Toorak College is located on the Mornington Peninsula in Victoria. It offers a co-educational environment from ELC to Year 4, with a girls-only approach from Year 5 onwards. It has a proud 142-year history, creating a unique blend of upholding the traditions of the past while looking towards the future of education. Education Matters spoke with Principal Kristy Kendall about her views on current trends, as well as her own brand of leadership and support.
Can you share with us some insights into your own career as an educator?
I started my career at Haileybury 15 years ago as a graduate teacher. In my first year I was given the psychology department to run, as well as coaching aerobics – these were big responsibilities for a teacher in her first year out of university.
Over time, Haileybury began to consider the possibility of introducing girls to the school, and so I eventually came to be Head of the girls’ senior school. That was an exciting opportunity; to establish a girls school within what was traditionally a boys-only institution.
I went on to have my own children and this made me consider early years teaching, so I moved on to lead Haileybury’s Berwick campus, which is an ELC-8 school. But after 15 years in the same role you naturally begin to wonder if there’s a better fit elsewhere. With Haileybury being so large I looked at Toorak College with its 750-odd students as an opportunity to really get to know every one of my students.
My first priority is always to get to know people, and at a smaller school like Toorak College I’ve had the opportunity to not only become familiar with all the students and teachers, but after just a year or so I’ve managed to get to know many of the parents and wider community associated with the school as well.
Could you tell us a bit about Toorak College?
Toorak College is located on the Mornington Peninsula. It is a thriving co-educational environment from ELC to Year 4, with a girls’ only approach from Year 5 onwards. It has a proud 142 year history and has a perfect blend of upholding the traditions of our past while looking towards the future of education.
How is the primary section of the school incorporated into the school as a whole? Is it a separate campus?
Toorak College’s Junior School, Wardle House, caters for students from 3 year old kindergarten to Year 6. The ELC and Junior School share the 11.5 hectare grounds with the Senior School. This means the Junior students can utilise the facilities of the Senior School such as the science labs, state-of-the-art music centre, aquatic centre and gymnasium. They also access specialty staff in science and technology, languages, sport and the arts.
How do you provide support and leadership to your primary school staff?
I encourage all of my staff to consider themselves as experts in their fields. Teaching is a profession that it seems everyone has an opinion on. I encourage my staff to remember that they are brilliant at reading and regulating children’s emotions, building their confidence, guiding their thinking, inspiring their questions and doing this in 20 different ways at once! Teaching is one of the most difficult professions there is and it is important for teachers themselves to regard it as such.
What role do you play in the day-to-day activities of the primary students?
A firm belief I hold in running an ELC – Yr 12 school is that no year level is more important than any other. The early primary years are vital in not just building the fundamental building blocks of learning but also in developing a child’s own perception of self. I enjoy spending as much time as I can reading to the students, involving myself in whatever extra curricula pursuits they chose and observing their successes and struggles in the classroom. I even enjoy morning duty at that crowded drop off zone!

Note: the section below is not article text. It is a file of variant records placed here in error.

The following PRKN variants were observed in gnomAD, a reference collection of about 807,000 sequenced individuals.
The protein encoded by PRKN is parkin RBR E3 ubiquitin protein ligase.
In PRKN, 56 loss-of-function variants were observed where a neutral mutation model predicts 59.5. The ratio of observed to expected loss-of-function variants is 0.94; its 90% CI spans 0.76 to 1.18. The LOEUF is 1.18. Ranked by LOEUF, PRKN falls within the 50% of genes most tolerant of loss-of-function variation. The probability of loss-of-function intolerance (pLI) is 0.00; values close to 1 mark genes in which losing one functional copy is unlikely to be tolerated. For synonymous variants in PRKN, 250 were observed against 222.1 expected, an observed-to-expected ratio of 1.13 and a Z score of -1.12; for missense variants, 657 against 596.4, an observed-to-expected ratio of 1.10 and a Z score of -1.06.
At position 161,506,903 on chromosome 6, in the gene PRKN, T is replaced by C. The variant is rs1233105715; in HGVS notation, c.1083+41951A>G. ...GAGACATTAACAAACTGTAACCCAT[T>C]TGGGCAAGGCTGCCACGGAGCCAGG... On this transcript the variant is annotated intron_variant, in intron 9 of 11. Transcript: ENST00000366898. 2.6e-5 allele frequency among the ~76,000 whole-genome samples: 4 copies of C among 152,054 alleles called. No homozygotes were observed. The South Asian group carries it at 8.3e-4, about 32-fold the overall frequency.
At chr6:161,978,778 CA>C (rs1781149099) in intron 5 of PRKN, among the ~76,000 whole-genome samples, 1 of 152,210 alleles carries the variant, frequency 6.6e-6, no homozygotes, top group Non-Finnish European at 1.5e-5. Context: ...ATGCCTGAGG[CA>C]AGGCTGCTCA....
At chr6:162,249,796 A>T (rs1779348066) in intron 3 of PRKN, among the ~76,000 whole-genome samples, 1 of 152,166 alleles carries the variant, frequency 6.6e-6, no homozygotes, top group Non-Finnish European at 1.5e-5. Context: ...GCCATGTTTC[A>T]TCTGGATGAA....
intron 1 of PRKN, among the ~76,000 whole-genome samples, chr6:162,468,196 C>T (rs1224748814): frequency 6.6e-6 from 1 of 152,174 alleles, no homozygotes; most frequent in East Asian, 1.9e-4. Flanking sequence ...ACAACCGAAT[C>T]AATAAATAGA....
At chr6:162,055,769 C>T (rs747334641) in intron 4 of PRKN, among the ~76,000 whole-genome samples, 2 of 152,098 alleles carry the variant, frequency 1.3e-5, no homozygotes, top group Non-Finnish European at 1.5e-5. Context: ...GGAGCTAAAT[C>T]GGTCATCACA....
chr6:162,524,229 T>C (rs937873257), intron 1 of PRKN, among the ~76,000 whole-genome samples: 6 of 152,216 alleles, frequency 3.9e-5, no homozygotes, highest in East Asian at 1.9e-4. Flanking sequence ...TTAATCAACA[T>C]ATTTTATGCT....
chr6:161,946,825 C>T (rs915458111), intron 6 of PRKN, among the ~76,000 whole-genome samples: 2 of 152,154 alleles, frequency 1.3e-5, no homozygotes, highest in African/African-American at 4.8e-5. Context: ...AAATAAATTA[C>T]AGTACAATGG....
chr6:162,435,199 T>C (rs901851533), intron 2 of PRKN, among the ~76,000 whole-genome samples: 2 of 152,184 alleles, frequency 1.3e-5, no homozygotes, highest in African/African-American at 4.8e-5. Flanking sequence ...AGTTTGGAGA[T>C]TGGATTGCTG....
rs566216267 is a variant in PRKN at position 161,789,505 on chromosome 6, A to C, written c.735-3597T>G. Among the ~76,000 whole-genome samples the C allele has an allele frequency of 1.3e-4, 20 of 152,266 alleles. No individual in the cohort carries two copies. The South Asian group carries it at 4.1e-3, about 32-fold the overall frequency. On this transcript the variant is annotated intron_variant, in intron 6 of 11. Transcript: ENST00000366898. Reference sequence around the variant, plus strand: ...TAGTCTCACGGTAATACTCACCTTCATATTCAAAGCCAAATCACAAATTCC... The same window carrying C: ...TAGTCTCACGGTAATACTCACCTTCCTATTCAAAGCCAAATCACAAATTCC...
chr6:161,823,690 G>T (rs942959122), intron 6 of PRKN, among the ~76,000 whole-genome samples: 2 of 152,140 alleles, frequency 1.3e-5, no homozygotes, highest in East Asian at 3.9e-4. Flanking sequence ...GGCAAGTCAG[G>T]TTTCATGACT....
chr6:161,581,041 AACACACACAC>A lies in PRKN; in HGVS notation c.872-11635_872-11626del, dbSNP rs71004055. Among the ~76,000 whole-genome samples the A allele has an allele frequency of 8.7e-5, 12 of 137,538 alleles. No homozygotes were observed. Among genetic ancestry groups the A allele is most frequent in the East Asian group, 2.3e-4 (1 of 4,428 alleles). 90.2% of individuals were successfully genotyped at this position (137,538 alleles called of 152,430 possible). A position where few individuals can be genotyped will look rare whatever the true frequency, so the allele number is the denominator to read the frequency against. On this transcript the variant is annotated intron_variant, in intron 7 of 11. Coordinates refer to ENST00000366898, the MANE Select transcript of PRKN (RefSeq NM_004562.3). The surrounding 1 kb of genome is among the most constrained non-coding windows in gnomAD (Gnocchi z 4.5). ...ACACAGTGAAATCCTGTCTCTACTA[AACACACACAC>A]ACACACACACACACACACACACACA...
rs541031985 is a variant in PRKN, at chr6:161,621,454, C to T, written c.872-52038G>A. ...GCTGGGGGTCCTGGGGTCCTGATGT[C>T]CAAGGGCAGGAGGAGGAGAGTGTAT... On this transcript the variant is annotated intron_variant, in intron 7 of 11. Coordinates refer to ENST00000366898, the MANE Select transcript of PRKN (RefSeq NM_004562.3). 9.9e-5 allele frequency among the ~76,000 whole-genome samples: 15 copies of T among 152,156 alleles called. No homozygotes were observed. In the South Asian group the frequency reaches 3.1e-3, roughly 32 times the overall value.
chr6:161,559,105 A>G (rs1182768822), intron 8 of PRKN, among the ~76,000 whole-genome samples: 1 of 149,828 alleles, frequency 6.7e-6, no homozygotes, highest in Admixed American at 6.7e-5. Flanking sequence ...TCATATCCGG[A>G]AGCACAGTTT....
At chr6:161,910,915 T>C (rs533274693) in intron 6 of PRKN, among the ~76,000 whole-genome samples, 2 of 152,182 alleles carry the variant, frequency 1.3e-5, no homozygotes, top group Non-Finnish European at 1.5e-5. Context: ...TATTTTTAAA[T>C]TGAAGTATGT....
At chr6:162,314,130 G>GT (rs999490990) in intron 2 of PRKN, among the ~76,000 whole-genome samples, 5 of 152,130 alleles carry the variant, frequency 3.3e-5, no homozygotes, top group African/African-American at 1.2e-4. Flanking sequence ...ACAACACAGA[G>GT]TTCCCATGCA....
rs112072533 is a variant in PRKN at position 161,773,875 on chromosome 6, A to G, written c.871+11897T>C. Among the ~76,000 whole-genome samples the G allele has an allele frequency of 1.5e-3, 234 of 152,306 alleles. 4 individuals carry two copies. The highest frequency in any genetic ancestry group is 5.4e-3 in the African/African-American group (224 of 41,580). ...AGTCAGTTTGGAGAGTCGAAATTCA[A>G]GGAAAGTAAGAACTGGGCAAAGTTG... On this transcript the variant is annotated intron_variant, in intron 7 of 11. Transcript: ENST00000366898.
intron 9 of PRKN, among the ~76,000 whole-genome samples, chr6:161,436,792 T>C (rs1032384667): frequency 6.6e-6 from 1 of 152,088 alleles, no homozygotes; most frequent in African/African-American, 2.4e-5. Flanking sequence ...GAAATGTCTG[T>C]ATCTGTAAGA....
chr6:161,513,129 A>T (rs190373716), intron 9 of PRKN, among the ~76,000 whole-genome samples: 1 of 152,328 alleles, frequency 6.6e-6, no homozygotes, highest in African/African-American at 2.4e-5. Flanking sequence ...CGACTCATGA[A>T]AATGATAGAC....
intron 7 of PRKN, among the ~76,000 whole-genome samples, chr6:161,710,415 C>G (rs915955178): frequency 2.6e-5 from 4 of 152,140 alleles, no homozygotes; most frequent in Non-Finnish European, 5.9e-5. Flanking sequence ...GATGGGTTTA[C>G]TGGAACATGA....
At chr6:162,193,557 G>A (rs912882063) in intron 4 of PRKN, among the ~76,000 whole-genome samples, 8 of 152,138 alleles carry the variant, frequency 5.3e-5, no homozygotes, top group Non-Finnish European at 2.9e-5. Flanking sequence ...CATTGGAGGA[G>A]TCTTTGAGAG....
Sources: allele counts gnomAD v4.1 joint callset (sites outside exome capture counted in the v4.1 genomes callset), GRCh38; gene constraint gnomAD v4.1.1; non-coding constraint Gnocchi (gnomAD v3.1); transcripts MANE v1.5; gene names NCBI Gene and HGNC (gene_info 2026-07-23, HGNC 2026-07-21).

What has been your most memorable moment, either as a teacher or specifically in the role of Principal?
As a new Principal at Toorak College I know my first year will be a memorable one. It is the community that have made this year with their support and encouragement. The students at Toorak College have the most beautiful spirit; they laugh at themselves, they truly support one another and they love to give anything a try. This spirit is one I wholeheartedly embrace, and represent, and the community has put a smile on my face each and every day.
What traits make for an effective and successful leader in education today?
I am in the business of people. That was the business I entered as a graduate teacher over 15 years ago and it is that same business I am in as Principal. Remembering to keep students at the centre of all of your decisions is key. I believe successful leadership involves constantly changing, inventing and reinventing yourself and always learning. Educators have an enormous moral obligation and responsibility to be the absolute best they can be. As a leader my job is to continually inspire those educators to do this each and every day.
What are some of the critical issues you notice that often appear in the media?
I get exhausted at the blame game that goes on with schools. The view that the education of children is quite heavily or solely the responsibility of the school seems to be the standard line in current reportage. Of course, I’m relentless when it comes to ensuring my teachers are the best they can be, but the development of the child’s mental, social any physical development is a three-way partnership between parents, teachers and, yes, the students. It’s part of a young person’s journey to make mistakes, but it’s then the responsibility of the parents to work with the teachers to help direct them. Ultimately it’s the student that has to decide on the path they take, but that will only be successful if it’s arrived at through that partnership approach.